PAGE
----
NASAA Outlines Best Practices For Investment Advisers

Coordinated IA Examinations Spotlight Deficiencies in Key Areas

WASHINGTON, D.C. (September 29, 2009) – The North American Securities Administrators Association (NASAA) today released an updated series of recommended best practices that investment advisers should consider in order to improve their compliance practices and procedures.

“By identifying these deficiencies, our goal is to help investment advisers minimize the risk for regulatory violations by strengthening their internal compliance programs. Our best practices are designed to assist advisers in meeting compliance challenges while providing better services to their clients,” said NASAA President and Texas Securities Commissioner Denise Voigt Crawford.

Crawford said the best practices were developed after a series of coordinated examinations of investment advisers by 35 state and provincial securities examiners revealed a significant number of problem areas. Crawford said examinations of 458 state-level investment advisers conducted between January and May 2009 revealed 1,887 deficiencies in 13 compliance areas.

The 2009 examinations were conducted under the guidance of NASAA’s Investment Adviser Operations Project Group. The top five categories with the greatest number of deficiencies involved registration, books and records, unethical business practices, supervision and financials.

The examinations revealed that:

  • The top trouble spots in the area of registration were inconsistencies between parts I and II of form ADV and failing to amend form ADV in a timely manner.
  • In the area of preparing and maintaining current and accurate books and records, the top deficiencies included not maintaining suitability information, not properly safeguarding records and not backing up data.
  • The leading unethical business practice deficiencies involved missing or no contracts and other contract-related issues, and misrepresenting qualifications, services and fees.
  • The most common supervision deficiencies were a failure to have any written supervisory/compliance procedures or having inadequate procedures in place.
  • Financial deficiencies included inaccurate financials, insufficient or inaccurate net worth, no bank reconciliations and poor financial conditions.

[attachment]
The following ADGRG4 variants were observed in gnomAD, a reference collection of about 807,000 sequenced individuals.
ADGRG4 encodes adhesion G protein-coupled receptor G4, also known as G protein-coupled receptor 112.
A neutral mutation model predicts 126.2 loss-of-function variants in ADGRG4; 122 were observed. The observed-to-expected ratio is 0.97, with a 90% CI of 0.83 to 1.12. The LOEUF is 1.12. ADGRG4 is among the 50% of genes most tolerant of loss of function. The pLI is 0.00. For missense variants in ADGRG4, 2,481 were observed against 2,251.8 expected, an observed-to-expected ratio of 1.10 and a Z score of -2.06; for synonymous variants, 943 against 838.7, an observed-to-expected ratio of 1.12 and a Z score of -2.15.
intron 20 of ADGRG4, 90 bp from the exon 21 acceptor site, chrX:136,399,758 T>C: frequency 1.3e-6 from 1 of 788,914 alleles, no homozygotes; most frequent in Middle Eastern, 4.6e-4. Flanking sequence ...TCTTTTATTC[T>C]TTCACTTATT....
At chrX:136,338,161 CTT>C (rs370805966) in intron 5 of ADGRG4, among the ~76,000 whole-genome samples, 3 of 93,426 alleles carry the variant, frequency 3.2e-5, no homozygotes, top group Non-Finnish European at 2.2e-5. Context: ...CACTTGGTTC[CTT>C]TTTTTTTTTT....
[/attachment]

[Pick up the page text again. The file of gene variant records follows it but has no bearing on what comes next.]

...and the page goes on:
Other areas with deficiencies included privacy, advertising, fees, custody, solicitors, investment activities, performance reporting and hedge funds. Crawford noted that issues involving non-accredited investors and registration-exemption issues were the two greatest deficiencies among hedge fund advisers. The complete results of the examinations are available here.

Based on the results of the 2009 coordinated exams, NASAA recommends the following “Best Practices” as a guide to assist advisers in the development of compliance practices and procedures.

Recommended Best Practices

  • Review and revise the Form ADV and disclosure brochure annually to reflect current and accurate information.
  • Review and update all contracts.
  • Prepare and maintain all required records including financial records. Back-up electronic data and protect records.
  • Prepare and maintain client profiles.
  • Prepare a written compliance and supervisory procedures manual relevant to the type of business.
  • Prepare and distribute a privacy policy initially and annually.
  • Keep accurate financials. File timely with the jurisdiction. Maintain surety bond if required.
  • Calculate and document fees correctly in accordance with contracts and ADV.
  • Review and revise all advertisements, including website and performance advertising, for accuracy.
  • Implement appropriate custody safeguards, if applicable.
  • Review solicitor agreements, disclosure, and delivery procedures.

NASAA is the oldest international organization devoted to investor protection. Its membership consists of the securities administrators in the 50 states, the District of Columbia, Puerto Rico, Canada, and Mexico.

For more information:
Bob Webster, Director of Communications

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